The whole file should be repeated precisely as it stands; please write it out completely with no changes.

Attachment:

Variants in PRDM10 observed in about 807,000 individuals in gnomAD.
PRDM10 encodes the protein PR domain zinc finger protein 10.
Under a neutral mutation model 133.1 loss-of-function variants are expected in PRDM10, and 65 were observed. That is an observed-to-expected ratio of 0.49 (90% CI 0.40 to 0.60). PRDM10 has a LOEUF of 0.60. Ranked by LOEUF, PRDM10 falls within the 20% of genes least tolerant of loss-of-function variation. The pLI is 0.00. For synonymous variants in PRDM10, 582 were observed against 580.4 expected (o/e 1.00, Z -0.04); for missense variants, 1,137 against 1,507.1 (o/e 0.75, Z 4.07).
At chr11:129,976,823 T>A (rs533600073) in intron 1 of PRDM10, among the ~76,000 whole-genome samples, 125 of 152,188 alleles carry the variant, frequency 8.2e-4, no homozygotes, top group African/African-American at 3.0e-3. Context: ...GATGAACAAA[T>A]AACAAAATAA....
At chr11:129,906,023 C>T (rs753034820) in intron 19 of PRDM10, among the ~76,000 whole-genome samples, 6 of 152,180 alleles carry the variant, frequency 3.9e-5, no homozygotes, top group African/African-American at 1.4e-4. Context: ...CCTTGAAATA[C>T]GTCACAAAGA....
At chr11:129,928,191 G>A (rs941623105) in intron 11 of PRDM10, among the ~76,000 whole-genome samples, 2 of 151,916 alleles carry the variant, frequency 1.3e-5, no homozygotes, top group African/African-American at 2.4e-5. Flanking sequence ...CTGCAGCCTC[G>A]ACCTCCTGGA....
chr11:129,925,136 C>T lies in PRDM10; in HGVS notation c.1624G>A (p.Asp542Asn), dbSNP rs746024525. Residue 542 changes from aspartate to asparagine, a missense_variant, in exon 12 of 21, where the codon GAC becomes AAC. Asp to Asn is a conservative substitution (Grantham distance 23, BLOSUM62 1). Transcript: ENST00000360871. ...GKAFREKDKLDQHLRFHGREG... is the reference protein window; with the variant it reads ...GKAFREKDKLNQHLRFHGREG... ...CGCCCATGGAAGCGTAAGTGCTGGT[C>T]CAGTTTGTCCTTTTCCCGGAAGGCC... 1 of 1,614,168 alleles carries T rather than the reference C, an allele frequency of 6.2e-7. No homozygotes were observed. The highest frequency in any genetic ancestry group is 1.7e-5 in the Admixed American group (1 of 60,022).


Variants in PRDM10 observed in about 807,000 individuals in gnomAD.
PRDM10 encodes the protein PR domain zinc finger protein 10.
Under a neutral mutation model 133.1 loss-of-function variants are expected in PRDM10, and 65 were observed. That is an observed-to-expected ratio of 0.49 (90% CI 0.40 to 0.60). PRDM10 has a LOEUF of 0.60. Ranked by LOEUF, PRDM10 falls within the 20% of genes least tolerant of loss-of-function variation. The pLI is 0.00. For synonymous variants in PRDM10, 582 were observed against 580.4 expected (o/e 1.00, Z -0.04); for missense variants, 1,137 against 1,507.1 (o/e 0.75, Z 4.07).
At chr11:129,976,823 T>A (rs533600073) in intron 1 of PRDM10, among the ~76,000 whole-genome samples, 125 of 152,188 alleles carry the variant, frequency 8.2e-4, no homozygotes, top group African/African-American at 3.0e-3. Context: ...GATGAACAAA[T>A]AACAAAATAA....
At chr11:129,906,023 C>T (rs753034820) in intron 19 of PRDM10, among the ~76,000 whole-genome samples, 6 of 152,180 alleles carry the variant, frequency 3.9e-5, no homozygotes, top group African/African-American at 1.4e-4. Context: ...CCTTGAAATA[C>T]GTCACAAAGA....
At chr11:129,928,191 G>A (rs941623105) in intron 11 of PRDM10, among the ~76,000 whole-genome samples, 2 of 151,916 alleles carry the variant, frequency 1.3e-5, no homozygotes, top group African/African-American at 2.4e-5. Flanking sequence ...CTGCAGCCTC[G>A]ACCTCCTGGA....
chr11:129,925,136 C>T lies in PRDM10; in HGVS notation c.1624G>A (p.Asp542Asn), dbSNP rs746024525. Residue 542 changes from aspartate to asparagine, a missense_variant, in exon 12 of 21, where the codon GAC becomes AAC. Asp to Asn is a conservative substitution (Grantham distance 23, BLOSUM62 1). Transcript: ENST00000360871. ...GKAFREKDKLDQHLRFHGREG... is the reference protein window; with the variant it reads ...GKAFREKDKLNQHLRFHGREG... ...CGCCCATGGAAGCGTAAGTGCTGGT[C>T]CAGTTTGTCCTTTTCCCGGAAGGCC... 1 of 1,614,168 alleles carries T rather than the reference C, an allele frequency of 6.2e-7. No homozygotes were observed. The highest frequency in any genetic ancestry group is 1.7e-5 in the Admixed American group (1 of 60,022).